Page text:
The tactic means that any woman who feels “harassed” or “offended” by having to even share a building with “sexualised” material can sue her employer. This isn’t an original idea; it was invented by a US lawyer, Catharine Mackinnon, who was one of America’s leading conservative feminist morality campaigners in the 1980s. This “civil rights” approach to attacking sexual expression turns censorship from something the state does, into something anybody can do. Any woman who feels she is offended, or “demeaned”, by a smiling photo of a semi-naked woman can claim that her rights have been violated, and sue for damages.

The Mackinnon attempt failed; to allow such challenges would fundamentally undermine free speech, and this is clearly protected under the first amendment of the US Constitution. What Object and UK Feminista are not making clear is what should be obvious to anyone: if a person can sue for finding something “demeaning”, then anything can, and will, be censored. Offence is taken, not given, and almost everything offends somebody. Religious groups will find lads’ mags offensive. And Page 3 of the Sun. And gay publications. Some atheists will find religious material offensive, and surely a Christian bookshop worker could sue for having to sell The God Delusion? Fundamentalist Christians could find Muslim or Jewish publications offensive, and vice-versa. White and black supremacists may object to imagery showing mixed-race couples.

Art galleries will be sued for showing any kind of sexual or other controversial object – for example, erotic Roman sculptures currently on display at the British Museum. All expression will come under attack. The possibilities are endless.

Am I just guessing? No; the Mackinnon law, which failed to gain traction in the US, was adopted in Canada in 1992. The result: “controversial” material – and in particular feminist and gay publications – was seized. Gay bookshops were raided. The Canadian state revelled in its new powers of censorship. All the censors had to do, if they wanted to ban something, was to find one person who found that thing offensive.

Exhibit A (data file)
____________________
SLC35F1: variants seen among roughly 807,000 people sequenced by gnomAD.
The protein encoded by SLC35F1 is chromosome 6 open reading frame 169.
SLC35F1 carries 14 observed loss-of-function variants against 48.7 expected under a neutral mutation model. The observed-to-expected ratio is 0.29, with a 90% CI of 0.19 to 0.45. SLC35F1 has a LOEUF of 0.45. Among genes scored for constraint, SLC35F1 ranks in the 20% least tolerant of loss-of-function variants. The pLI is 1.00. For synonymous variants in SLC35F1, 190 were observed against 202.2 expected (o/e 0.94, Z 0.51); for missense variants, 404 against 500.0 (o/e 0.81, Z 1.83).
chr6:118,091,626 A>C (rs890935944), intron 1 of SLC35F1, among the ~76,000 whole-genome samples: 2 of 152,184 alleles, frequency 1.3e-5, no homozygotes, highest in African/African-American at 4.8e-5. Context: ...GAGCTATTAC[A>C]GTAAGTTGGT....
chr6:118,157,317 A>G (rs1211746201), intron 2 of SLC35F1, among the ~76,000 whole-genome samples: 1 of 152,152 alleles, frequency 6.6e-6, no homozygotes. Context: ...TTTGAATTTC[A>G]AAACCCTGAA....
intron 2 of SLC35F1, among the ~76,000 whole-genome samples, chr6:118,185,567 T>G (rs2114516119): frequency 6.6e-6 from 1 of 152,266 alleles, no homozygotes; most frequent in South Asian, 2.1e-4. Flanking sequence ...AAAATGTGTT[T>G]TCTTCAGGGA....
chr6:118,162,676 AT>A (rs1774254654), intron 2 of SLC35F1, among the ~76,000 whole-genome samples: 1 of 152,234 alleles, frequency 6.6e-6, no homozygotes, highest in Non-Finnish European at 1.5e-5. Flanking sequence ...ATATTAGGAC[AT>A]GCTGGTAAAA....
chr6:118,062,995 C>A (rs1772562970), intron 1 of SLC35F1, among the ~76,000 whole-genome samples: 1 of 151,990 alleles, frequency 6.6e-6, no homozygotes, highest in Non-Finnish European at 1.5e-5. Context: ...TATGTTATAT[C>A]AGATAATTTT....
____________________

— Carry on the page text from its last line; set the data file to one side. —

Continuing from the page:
Are Object and UK Feminista just well-meaning but naive? Unlikely. These groups know better than anyone the history of what they are trying to do, and the chilling effects this tactic would have on free expression. What is really disheartening is the rush of “feminist” supporters to back these morality groups in the mistaken belief that feminism is about begging “The Patriarchy” to protect weak, sensitive, helpless women from anything they might find demeaning (which has, it seems, come to mean “icky”). What is tragic is the widespread belief that the very sexual freedoms won by the 1960s feminists are themselves a threat to women’s rights.

I have a fundamental problem with people who are prepared to be easily offended. About anything. In fact, I find them offensive. Object and UK Feminista will find themselves as easily censored as anybody else if their “civil rights” approach to censorship succeeds; I suspect they don’t care. They are the modern-day successors to Mary Whitehouse, and if they succeed in banning all “offensive” material, they will have finished the job she began in 1963, when she set out to attack – more than anything else – the sexual liberation of women.

[PS – As I’m so often informed that I, being a mere man, have no right to comment on feminist issues, here are a couple of other good articles on the Lads Mag campaign, written by women.]

Georgia Lewis: Losing lads’ mags and the slippery slope of censorship

Gemma Ahearne: Dangerous Dolls: ‘Object’ and Lose The Lads’ Mags

Posing As Progressives

Gail Dines: The New Mary Whitehouse
Gail Dines: The New Mary Whitehouse

It’s been one of those weeks when I fall out with some of my, usually friendly, followers. When you’re a leftish political blogger, there are safe things to write about, and things you shouldn’t mention. Social equality, fairness, child poverty, saving the NHS, racism against non-whites, attacks on women’s rights, climate change, corporate power; these are all things that I know I can tackle without dissent from others on the left. There will be, of course, attacks from the right, but those are bread-and-butter. We can all unite and enjoy rebutting those. Career tip: if you want to become a Labour parliamentary candidate, and you write the occasional column, but don’t want to ruffle feathers? Stick to these subjects (no names mentioned).